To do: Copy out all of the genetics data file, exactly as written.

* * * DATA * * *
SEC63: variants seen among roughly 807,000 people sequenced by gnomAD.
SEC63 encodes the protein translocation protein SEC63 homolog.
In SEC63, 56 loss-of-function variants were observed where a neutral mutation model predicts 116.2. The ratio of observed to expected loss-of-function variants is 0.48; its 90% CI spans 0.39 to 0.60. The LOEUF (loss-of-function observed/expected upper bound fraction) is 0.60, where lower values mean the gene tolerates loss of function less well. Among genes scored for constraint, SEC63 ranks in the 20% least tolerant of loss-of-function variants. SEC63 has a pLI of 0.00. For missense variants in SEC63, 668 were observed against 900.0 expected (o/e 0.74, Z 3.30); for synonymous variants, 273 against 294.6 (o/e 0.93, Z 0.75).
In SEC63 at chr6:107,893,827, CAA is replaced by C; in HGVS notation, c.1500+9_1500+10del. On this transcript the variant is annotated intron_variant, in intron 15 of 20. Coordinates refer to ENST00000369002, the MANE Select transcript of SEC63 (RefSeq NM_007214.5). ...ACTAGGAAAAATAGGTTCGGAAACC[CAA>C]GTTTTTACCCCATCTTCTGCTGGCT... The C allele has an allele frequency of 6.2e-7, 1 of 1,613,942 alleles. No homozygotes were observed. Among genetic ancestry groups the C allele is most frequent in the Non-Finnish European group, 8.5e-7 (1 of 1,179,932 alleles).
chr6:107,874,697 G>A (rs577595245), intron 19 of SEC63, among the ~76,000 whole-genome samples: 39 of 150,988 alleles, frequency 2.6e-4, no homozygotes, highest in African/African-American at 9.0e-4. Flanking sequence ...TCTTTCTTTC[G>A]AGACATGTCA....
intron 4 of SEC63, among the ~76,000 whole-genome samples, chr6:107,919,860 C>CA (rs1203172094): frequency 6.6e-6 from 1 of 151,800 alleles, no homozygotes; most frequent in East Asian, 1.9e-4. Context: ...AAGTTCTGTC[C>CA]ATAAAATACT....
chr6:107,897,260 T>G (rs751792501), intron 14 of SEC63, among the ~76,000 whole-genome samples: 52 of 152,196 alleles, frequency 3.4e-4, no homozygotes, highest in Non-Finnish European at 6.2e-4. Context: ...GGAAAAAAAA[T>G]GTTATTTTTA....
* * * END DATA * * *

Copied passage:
SEC63: variants seen among roughly 807,000 people sequenced by gnomAD.
SEC63 encodes the protein translocation protein SEC63 homolog.
In SEC63, 56 loss-of-function variants were observed where a neutral mutation model predicts 116.2. The ratio of observed to expected loss-of-function variants is 0.48; its 90% CI spans 0.39 to 0.60. The LOEUF (loss-of-function observed/expected upper bound fraction) is 0.60, where lower values mean the gene tolerates loss of function less well. Among genes scored for constraint, SEC63 ranks in the 20% least tolerant of loss-of-function variants. SEC63 has a pLI of 0.00. For missense variants in SEC63, 668 were observed against 900.0 expected (o/e 0.74, Z 3.30); for synonymous variants, 273 against 294.6 (o/e 0.93, Z 0.75).
In SEC63 at chr6:107,893,827, CAA is replaced by C; in HGVS notation, c.1500+9_1500+10del. On this transcript the variant is annotated intron_variant, in intron 15 of 20. Coordinates refer to ENST00000369002, the MANE Select transcript of SEC63 (RefSeq NM_007214.5). ...ACTAGGAAAAATAGGTTCGGAAACC[CAA>C]GTTTTTACCCCATCTTCTGCTGGCT... The C allele has an allele frequency of 6.2e-7, 1 of 1,613,942 alleles. No homozygotes were observed. Among genetic ancestry groups the C allele is most frequent in the Non-Finnish European group, 8.5e-7 (1 of 1,179,932 alleles).
chr6:107,874,697 G>A (rs577595245), intron 19 of SEC63, among the ~76,000 whole-genome samples: 39 of 150,988 alleles, frequency 2.6e-4, no homozygotes, highest in African/African-American at 9.0e-4. Flanking sequence ...TCTTTCTTTC[G>A]AGACATGTCA....
intron 4 of SEC63, among the ~76,000 whole-genome samples, chr6:107,919,860 C>CA (rs1203172094): frequency 6.6e-6 from 1 of 151,800 alleles, no homozygotes; most frequent in East Asian, 1.9e-4. Context: ...AAGTTCTGTC[C>CA]ATAAAATACT....
chr6:107,897,260 T>G (rs751792501), intron 14 of SEC63, among the ~76,000 whole-genome samples: 52 of 152,196 alleles, frequency 3.4e-4, no homozygotes, highest in Non-Finnish European at 6.2e-4. Context: ...GGAAAAAAAA[T>G]GTTATTTTTA....